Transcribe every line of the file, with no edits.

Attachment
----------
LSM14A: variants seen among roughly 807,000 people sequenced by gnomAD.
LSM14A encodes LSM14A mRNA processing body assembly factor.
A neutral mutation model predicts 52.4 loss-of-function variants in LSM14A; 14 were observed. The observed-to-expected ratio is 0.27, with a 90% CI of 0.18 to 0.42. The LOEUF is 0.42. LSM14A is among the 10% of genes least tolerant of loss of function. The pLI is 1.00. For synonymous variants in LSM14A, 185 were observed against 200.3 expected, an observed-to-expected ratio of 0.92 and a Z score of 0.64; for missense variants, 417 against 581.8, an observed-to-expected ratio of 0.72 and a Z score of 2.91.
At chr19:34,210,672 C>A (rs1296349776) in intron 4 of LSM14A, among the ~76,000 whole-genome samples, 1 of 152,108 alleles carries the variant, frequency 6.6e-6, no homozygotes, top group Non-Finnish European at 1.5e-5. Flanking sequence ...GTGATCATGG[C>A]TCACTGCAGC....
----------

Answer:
LSM14A: variants seen among roughly 807,000 people sequenced by gnomAD.
LSM14A encodes LSM14A mRNA processing body assembly factor.
A neutral mutation model predicts 52.4 loss-of-function variants in LSM14A; 14 were observed. The observed-to-expected ratio is 0.27, with a 90% CI of 0.18 to 0.42. The LOEUF is 0.42. LSM14A is among the 10% of genes least tolerant of loss of function. The pLI is 1.00. For synonymous variants in LSM14A, 185 were observed against 200.3 expected, an observed-to-expected ratio of 0.92 and a Z score of 0.64; for missense variants, 417 against 581.8, an observed-to-expected ratio of 0.72 and a Z score of 2.91.
At chr19:34,210,672 C>A (rs1296349776) in intron 4 of LSM14A, among the ~76,000 whole-genome samples, 1 of 152,108 alleles carries the variant, frequency 6.6e-6, no homozygotes, top group Non-Finnish European at 1.5e-5. Flanking sequence ...GTGATCATGG[C>A]TCACTGCAGC....